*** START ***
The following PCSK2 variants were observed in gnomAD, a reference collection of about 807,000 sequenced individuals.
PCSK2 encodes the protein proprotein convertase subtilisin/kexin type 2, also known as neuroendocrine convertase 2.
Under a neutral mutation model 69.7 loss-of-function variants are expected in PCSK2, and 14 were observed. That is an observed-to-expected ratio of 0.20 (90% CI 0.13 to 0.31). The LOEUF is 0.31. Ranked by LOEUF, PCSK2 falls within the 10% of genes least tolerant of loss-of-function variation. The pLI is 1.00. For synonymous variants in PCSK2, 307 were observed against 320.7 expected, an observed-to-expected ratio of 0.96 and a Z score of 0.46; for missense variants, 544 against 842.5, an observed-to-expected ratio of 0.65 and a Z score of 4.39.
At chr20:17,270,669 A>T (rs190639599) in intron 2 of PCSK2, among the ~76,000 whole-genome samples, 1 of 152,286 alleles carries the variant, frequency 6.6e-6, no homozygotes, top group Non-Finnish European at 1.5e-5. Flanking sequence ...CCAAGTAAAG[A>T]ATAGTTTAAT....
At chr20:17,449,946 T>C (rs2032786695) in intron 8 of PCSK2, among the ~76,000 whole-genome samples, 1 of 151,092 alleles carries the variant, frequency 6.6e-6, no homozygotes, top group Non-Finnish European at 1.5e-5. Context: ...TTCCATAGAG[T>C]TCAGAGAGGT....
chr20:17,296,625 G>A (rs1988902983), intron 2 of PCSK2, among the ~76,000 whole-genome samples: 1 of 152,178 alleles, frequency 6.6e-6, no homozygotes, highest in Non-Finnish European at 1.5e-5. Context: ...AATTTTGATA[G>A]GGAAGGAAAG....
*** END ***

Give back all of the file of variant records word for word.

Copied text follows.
The following PCSK2 variants were observed in gnomAD, a reference collection of about 807,000 sequenced individuals.
PCSK2 encodes the protein proprotein convertase subtilisin/kexin type 2, also known as neuroendocrine convertase 2.
Under a neutral mutation model 69.7 loss-of-function variants are expected in PCSK2, and 14 were observed. That is an observed-to-expected ratio of 0.20 (90% CI 0.13 to 0.31). The LOEUF is 0.31. Ranked by LOEUF, PCSK2 falls within the 10% of genes least tolerant of loss-of-function variation. The pLI is 1.00. For synonymous variants in PCSK2, 307 were observed against 320.7 expected, an observed-to-expected ratio of 0.96 and a Z score of 0.46; for missense variants, 544 against 842.5, an observed-to-expected ratio of 0.65 and a Z score of 4.39.
At chr20:17,270,669 A>T (rs190639599) in intron 2 of PCSK2, among the ~76,000 whole-genome samples, 1 of 152,286 alleles carries the variant, frequency 6.6e-6, no homozygotes, top group Non-Finnish European at 1.5e-5. Flanking sequence ...CCAAGTAAAG[A>T]ATAGTTTAAT....
At chr20:17,449,946 T>C (rs2032786695) in intron 8 of PCSK2, among the ~76,000 whole-genome samples, 1 of 151,092 alleles carries the variant, frequency 6.6e-6, no homozygotes, top group Non-Finnish European at 1.5e-5. Context: ...TTCCATAGAG[T>C]TCAGAGAGGT....
chr20:17,296,625 G>A (rs1988902983), intron 2 of PCSK2, among the ~76,000 whole-genome samples: 1 of 152,178 alleles, frequency 6.6e-6, no homozygotes, highest in Non-Finnish European at 1.5e-5. Context: ...AATTTTGATA[G>A]GGAAGGAAAG....